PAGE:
London

Cerith Wyn Evans

White Cube | Hoxton Square

A white neon sign on the facade of White Cube read “slow fade to black.” The gallery name, one imagines, marks an ironic acknowledgment of Brian O’Doherty’s paradigmatic art space. But Cerith Wyn Evans’s cinematic instruction flips the expectations raised by the building squarely on their head: If it wasn’t dealing in dreams and fantasy so much as constructed realities before, it certainly is now. “Look at that picture . . . / How does it appear to you now? / Does it seem to be / Persisting?” is a series of five crystal chandeliers hanging together in the main gallery space. Inspired as it is in look and attitude by Broodthaers’s “Décor” work, the installation is beautifully simple and at the same time densely complex in its intellectual and affective ramifications. One chandelier design originated in an exhibition in Victor Horta’s Palais des Beaux-Arts in Brussels, another has been used in a Riyadh casino, a third, by Achille Castiglione, lit a lounge at the Milan airport, and so on. Their stylistic differences produce a babel of references to the contemporary city, both in its cosmopolitan reality and in the degree to which its forms embody modernity’s faded, thwarted, and displaced dreams and ideals.

There was another kind of babel going on here as well: Each chandelier represented a different voice, being connected to a wall-mounted plasma screen on which a text slowly appeared as it was converted into Morse code by a hidden computer. This process of translation controlled the turning on and off of the lights so that there was a constant flickering, a display of short and long light pulses filling the gallery. Thus one flashing chandelier channeled Brion Gysin interviewing English writer Terry Wilson on the subject of one Eileen Garrett, a spiritualist medium who also worked for the CIA, while through another, Theodor Adorno discussed astrology, pointing out that it provides an analogy for “the split between irrationality of the dream and rationality of the waking state.” Eve Kosofsky Sedgwick’s critique of J.L. Austin’s theory of performative speech acts rendered both past and future events, as well as the meanings we find in them, open to reconfiguration, while John Cage, writing in his inimitable multivocal style, assured us that “two people making the same kind of music is one music too many.” In this company, Madame de Lafayette’s Princesse de Clèves (1678), collaboratively produced as it probably was by members of her salon, appeared as something like a corps exquis, where form appears as something that has arisen outside of the individual imagination and in relation to the indeterminable thoughts and actions of others.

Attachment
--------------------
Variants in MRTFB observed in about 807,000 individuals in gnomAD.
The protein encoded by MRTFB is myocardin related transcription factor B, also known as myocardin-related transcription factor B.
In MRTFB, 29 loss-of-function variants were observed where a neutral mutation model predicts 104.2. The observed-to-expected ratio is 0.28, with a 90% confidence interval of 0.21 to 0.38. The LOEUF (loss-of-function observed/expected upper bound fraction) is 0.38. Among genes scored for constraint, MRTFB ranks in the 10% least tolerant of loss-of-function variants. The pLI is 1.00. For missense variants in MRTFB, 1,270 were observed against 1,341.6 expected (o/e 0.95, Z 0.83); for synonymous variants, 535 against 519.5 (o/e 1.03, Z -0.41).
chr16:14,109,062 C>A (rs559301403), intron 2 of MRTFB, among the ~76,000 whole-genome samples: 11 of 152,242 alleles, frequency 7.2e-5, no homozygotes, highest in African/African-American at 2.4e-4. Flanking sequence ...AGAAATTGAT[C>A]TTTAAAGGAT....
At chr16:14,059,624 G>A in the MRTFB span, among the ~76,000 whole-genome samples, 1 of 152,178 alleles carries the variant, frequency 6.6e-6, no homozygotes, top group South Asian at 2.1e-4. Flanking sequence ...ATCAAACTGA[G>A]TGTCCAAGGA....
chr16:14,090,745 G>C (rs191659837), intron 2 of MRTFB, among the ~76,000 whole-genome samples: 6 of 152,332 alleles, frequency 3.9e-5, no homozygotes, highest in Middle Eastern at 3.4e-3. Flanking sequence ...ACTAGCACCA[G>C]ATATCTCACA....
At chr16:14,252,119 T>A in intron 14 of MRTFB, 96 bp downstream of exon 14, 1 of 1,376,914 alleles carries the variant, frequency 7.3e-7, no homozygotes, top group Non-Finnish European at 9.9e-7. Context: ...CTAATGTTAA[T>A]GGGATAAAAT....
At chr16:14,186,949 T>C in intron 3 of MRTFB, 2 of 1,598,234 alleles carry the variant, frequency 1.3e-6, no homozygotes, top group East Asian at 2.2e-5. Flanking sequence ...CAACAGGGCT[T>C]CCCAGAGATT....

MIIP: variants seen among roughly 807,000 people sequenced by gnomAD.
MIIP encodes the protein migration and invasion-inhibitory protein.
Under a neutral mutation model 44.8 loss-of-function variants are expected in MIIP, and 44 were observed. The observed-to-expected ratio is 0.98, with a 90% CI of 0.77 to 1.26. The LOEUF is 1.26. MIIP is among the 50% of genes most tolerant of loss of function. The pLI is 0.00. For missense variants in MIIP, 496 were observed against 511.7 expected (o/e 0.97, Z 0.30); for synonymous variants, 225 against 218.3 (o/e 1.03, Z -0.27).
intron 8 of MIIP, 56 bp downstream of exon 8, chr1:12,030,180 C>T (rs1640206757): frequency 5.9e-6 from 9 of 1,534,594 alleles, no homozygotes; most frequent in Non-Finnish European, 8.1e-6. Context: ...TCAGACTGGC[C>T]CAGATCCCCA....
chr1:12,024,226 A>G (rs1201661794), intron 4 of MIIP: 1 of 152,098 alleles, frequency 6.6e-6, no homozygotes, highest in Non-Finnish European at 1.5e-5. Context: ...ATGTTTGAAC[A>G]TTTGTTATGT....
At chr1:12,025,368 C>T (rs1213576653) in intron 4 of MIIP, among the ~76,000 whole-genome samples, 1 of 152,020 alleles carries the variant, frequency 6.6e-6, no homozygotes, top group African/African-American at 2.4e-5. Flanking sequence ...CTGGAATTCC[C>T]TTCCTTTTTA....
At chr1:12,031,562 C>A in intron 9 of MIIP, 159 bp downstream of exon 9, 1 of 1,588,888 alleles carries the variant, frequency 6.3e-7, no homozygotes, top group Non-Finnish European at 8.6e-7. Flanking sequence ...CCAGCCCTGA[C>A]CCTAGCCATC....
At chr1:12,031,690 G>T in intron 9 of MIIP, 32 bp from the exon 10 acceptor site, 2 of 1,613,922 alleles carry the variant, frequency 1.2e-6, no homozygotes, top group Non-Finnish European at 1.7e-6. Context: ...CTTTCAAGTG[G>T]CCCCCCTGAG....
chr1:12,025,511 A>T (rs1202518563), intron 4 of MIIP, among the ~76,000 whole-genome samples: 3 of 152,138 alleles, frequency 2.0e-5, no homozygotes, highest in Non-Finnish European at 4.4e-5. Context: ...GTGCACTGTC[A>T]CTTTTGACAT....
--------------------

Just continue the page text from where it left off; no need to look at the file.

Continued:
The overall effect was one of gentle intensity—a conversation among five presences which, while its contours are in fact traceable, could be experienced as random and without pattern. If there is significance in this ungraspable totality, described by Evans as “polyphonic,” it seems to lie as much in impulse, intuition, and emotion as in reason and logic. The promise was held out of a meaning that lies outside language and that is influenced, but by no means fixed, by the established facts of history.

Michael Archer